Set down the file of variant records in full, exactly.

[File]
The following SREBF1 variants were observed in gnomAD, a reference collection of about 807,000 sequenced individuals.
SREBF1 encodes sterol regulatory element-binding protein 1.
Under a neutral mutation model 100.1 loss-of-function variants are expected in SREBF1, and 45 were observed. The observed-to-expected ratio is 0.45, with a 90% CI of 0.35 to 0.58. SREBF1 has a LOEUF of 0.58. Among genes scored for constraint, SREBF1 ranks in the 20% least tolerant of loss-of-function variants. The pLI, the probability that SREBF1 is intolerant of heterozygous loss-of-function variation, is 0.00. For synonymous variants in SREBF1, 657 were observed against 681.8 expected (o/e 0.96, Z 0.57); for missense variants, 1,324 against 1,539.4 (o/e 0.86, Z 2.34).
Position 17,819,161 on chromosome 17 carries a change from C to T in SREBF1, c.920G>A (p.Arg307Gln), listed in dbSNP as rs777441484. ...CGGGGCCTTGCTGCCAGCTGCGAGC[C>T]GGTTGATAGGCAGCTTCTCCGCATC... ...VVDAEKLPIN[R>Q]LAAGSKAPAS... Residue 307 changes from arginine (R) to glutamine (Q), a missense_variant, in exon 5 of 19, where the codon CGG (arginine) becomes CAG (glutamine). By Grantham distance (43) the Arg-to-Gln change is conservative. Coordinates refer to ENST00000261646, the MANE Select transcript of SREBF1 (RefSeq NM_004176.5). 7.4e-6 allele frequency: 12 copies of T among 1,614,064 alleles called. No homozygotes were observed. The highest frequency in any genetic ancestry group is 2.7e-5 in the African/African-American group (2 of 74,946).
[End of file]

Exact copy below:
The following SREBF1 variants were observed in gnomAD, a reference collection of about 807,000 sequenced individuals.
SREBF1 encodes sterol regulatory element-binding protein 1.
Under a neutral mutation model 100.1 loss-of-function variants are expected in SREBF1, and 45 were observed. The observed-to-expected ratio is 0.45, with a 90% CI of 0.35 to 0.58. SREBF1 has a LOEUF of 0.58. Among genes scored for constraint, SREBF1 ranks in the 20% least tolerant of loss-of-function variants. The pLI, the probability that SREBF1 is intolerant of heterozygous loss-of-function variation, is 0.00. For synonymous variants in SREBF1, 657 were observed against 681.8 expected (o/e 0.96, Z 0.57); for missense variants, 1,324 against 1,539.4 (o/e 0.86, Z 2.34).
Position 17,819,161 on chromosome 17 carries a change from C to T in SREBF1, c.920G>A (p.Arg307Gln), listed in dbSNP as rs777441484. ...CGGGGCCTTGCTGCCAGCTGCGAGC[C>T]GGTTGATAGGCAGCTTCTCCGCATC... ...VVDAEKLPIN[R>Q]LAAGSKAPAS... Residue 307 changes from arginine (R) to glutamine (Q), a missense_variant, in exon 5 of 19, where the codon CGG (arginine) becomes CAG (glutamine). By Grantham distance (43) the Arg-to-Gln change is conservative. Coordinates refer to ENST00000261646, the MANE Select transcript of SREBF1 (RefSeq NM_004176.5). 7.4e-6 allele frequency: 12 copies of T among 1,614,064 alleles called. No homozygotes were observed. The highest frequency in any genetic ancestry group is 2.7e-5 in the African/African-American group (2 of 74,946).